Thursday, 16 April 2009

Theories in jUnit revisited

A minor update on this stuff (see earlier post).

I've just got back from SPA2009, where there was a lot of excitement about Haskell. This seems interesting to me too, as I'm old enough to have Lisp and Prolog on the CV. One of the things I got to play with in one session was "quickcheck", a testing tool for Haskell.

Because Haskell is purely functional (for the most part), it lends itself to unit testing. Just call a function with some arguments, make some assertions about the result, no side-effects are even possible so you're done. Quickcheck allows you to constrain the process for generating sets of arguments and then you just let the system rip. So you can have, for example, one test that generates valid sets of arguments that checks for a correct result, and another that generates invalid sets that checks for appropriate errors. Much like theories in jUnit, but with the addition of automatic generation of sets of test parameters.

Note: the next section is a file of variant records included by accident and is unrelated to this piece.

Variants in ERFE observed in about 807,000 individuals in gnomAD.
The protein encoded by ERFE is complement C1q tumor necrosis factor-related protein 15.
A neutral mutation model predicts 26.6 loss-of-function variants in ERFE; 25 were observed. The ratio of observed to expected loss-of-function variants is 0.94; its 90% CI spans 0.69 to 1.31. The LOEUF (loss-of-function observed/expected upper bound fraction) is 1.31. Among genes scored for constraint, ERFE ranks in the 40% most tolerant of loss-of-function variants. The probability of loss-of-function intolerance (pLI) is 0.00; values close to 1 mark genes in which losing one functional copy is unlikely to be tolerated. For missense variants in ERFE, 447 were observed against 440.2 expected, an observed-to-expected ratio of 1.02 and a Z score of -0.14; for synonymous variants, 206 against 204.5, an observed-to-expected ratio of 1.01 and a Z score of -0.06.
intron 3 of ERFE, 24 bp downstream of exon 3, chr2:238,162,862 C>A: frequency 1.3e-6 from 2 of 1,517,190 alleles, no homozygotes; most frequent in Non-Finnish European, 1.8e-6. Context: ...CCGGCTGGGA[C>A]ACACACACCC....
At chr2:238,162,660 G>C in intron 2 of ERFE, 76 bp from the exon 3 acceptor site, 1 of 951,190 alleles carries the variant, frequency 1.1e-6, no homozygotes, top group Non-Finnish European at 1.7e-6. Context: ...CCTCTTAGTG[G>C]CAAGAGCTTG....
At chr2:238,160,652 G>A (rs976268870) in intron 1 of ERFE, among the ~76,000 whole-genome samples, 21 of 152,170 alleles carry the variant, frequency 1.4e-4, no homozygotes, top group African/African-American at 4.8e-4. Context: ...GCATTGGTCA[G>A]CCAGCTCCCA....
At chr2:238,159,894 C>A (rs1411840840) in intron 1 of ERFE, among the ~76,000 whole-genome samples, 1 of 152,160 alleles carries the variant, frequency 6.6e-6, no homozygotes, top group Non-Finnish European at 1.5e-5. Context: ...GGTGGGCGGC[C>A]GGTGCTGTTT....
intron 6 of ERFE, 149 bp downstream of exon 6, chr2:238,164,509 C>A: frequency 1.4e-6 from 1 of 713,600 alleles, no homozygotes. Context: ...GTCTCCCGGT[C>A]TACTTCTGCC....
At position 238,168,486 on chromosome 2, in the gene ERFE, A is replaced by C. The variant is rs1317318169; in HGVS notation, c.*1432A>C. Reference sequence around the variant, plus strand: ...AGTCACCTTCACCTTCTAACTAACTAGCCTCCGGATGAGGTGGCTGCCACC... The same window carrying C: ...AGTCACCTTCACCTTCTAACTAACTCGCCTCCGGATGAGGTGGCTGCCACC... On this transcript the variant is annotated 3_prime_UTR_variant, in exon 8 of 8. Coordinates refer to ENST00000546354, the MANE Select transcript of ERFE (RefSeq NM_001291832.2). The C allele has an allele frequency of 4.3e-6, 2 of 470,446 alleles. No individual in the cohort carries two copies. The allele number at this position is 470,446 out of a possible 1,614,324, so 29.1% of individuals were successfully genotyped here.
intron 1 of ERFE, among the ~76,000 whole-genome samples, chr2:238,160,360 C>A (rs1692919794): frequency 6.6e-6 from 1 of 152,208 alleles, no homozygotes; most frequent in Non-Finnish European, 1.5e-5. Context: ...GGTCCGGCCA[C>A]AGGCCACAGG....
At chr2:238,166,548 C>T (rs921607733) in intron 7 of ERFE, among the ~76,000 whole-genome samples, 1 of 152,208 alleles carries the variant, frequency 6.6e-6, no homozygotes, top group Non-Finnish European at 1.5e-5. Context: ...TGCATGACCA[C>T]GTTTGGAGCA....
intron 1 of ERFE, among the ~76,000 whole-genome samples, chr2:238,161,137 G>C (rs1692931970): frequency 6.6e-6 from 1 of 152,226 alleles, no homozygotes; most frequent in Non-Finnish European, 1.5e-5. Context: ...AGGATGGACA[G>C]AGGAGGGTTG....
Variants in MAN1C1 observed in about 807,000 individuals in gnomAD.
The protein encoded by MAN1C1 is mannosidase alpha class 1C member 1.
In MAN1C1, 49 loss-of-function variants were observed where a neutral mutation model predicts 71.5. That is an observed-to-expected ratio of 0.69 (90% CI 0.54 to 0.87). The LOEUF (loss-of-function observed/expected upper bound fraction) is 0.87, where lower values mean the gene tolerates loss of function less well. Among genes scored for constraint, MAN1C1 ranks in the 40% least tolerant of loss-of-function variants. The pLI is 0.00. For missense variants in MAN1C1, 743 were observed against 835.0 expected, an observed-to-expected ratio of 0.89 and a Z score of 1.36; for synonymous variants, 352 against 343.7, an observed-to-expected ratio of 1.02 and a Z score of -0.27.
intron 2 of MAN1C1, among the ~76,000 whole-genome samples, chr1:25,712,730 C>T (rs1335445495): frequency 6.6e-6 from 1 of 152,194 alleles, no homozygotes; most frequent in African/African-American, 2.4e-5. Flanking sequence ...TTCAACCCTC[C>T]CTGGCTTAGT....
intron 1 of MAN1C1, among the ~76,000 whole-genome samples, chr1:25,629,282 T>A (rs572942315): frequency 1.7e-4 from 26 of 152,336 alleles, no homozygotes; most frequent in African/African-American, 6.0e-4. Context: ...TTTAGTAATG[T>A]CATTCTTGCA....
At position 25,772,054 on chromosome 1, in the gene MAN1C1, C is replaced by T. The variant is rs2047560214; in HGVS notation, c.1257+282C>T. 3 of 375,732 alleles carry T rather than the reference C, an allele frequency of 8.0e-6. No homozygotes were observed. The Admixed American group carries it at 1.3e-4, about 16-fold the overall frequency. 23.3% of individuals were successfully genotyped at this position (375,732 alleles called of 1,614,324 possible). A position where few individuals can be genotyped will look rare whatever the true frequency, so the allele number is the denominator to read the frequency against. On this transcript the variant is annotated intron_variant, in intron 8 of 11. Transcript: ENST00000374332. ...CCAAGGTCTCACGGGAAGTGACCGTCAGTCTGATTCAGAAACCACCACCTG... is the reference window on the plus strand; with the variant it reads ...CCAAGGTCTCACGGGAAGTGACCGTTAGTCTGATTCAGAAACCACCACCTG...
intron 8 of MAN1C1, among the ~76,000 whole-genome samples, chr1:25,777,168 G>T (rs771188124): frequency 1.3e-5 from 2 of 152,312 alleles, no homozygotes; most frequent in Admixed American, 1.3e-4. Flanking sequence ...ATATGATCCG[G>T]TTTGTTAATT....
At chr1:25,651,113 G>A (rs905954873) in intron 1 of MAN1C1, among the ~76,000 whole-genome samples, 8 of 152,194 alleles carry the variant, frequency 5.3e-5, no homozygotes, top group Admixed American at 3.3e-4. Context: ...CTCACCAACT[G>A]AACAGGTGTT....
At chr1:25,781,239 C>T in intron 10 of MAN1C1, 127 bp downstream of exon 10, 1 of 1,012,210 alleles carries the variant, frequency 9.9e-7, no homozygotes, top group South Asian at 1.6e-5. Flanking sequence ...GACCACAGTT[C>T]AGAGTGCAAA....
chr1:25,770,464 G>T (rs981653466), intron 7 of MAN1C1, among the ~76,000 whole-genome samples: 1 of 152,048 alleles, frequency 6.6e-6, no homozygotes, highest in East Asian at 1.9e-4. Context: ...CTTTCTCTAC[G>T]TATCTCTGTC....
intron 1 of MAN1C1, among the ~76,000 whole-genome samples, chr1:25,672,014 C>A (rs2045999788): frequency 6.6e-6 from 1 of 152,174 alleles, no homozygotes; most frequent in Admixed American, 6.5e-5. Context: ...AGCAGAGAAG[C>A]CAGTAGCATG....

However, it seems clear that the Haskellites amongst us use this tool in an exploratory fashion. Hunting down that tricky to find bug that pops up now and then on live code? Not quite sure what the library in front of you does? Want to stress-test a piece of code that's going to have to cope with noisy data? For actual unit (regression) testing of real code, it's much less useful, not least because there's some randomness in the arguments which makes regression problematic.

So there it is: quickcheck for poking around, and HUnit (it had to exist) for your unit tests.

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